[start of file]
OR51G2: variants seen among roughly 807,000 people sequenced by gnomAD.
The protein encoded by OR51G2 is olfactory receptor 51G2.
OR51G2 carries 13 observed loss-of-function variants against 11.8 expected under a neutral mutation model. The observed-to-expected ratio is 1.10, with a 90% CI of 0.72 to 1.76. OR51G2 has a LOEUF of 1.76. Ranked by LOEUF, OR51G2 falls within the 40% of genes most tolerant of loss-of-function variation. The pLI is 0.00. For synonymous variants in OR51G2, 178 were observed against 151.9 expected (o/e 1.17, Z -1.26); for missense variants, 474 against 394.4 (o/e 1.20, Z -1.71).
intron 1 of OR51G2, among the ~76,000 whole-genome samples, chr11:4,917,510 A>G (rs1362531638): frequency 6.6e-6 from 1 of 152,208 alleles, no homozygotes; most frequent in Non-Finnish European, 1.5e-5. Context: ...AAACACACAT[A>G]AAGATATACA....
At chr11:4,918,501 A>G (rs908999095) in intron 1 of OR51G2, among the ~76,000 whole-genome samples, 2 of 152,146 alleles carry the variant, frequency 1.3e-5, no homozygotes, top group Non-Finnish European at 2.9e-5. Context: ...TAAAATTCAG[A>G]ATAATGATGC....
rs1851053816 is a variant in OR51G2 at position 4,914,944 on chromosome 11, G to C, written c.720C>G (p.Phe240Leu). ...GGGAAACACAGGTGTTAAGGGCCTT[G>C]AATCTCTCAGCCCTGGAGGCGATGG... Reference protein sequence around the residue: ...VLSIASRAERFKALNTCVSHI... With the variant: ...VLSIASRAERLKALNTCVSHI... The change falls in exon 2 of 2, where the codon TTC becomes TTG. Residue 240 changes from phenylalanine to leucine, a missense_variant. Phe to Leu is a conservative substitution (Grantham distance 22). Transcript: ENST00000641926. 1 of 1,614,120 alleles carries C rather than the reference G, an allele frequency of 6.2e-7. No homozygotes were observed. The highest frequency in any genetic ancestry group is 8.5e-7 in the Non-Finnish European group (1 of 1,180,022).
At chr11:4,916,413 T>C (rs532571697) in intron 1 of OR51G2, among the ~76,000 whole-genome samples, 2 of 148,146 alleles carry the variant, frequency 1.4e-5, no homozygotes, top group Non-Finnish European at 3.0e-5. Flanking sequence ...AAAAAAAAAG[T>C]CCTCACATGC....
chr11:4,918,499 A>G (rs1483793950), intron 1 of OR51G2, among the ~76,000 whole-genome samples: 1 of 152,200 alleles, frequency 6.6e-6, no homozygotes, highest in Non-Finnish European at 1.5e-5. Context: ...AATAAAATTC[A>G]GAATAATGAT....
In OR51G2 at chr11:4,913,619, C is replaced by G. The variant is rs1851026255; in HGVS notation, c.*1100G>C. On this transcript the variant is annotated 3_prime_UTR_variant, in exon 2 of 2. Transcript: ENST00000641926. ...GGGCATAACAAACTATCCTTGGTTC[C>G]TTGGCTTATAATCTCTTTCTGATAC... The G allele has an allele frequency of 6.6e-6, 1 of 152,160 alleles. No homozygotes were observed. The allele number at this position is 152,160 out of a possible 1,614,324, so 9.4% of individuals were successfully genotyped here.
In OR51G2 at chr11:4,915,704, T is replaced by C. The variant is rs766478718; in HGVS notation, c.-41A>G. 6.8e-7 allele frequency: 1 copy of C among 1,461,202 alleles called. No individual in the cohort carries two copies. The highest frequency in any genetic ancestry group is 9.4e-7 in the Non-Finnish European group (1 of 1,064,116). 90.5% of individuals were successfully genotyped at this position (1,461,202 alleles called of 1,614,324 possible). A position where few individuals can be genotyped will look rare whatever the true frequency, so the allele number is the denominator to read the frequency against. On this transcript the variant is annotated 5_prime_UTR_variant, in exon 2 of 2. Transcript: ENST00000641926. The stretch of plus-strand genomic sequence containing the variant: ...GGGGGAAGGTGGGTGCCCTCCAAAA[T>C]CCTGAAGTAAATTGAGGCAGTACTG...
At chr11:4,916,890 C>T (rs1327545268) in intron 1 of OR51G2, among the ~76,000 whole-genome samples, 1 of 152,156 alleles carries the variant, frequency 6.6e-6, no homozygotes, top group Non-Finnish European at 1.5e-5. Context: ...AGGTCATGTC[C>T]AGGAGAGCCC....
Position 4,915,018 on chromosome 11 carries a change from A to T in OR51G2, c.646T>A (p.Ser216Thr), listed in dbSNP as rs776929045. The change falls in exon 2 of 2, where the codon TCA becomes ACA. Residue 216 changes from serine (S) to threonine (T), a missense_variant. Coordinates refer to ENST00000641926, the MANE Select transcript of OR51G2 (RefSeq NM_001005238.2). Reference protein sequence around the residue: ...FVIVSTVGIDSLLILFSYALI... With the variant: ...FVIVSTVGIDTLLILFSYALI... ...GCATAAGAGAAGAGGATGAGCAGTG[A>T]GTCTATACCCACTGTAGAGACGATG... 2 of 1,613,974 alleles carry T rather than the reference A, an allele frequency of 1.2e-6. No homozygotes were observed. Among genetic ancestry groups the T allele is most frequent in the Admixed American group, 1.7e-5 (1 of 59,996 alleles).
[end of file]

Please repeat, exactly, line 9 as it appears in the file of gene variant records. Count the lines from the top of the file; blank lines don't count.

In OR51G2 at chr11:4,913,619, C is replaced by G. The variant is rs1851026255; in HGVS notation, c.*1100G>C. On this transcript the variant is annotated 3_prime_UTR_variant, in exon 2 of 2. Transcript: ENST00000641926. ...GGGCATAACAAACTATCCTTGGTTC[C>G]TTGGCTTATAATCTCTTTCTGATAC... The G allele has an allele frequency of 6.6e-6, 1 of 152,160 alleles. No homozygotes were observed. The allele number at this position is 152,160 out of a possible 1,614,324, so 9.4% of individuals were successfully genotyped here.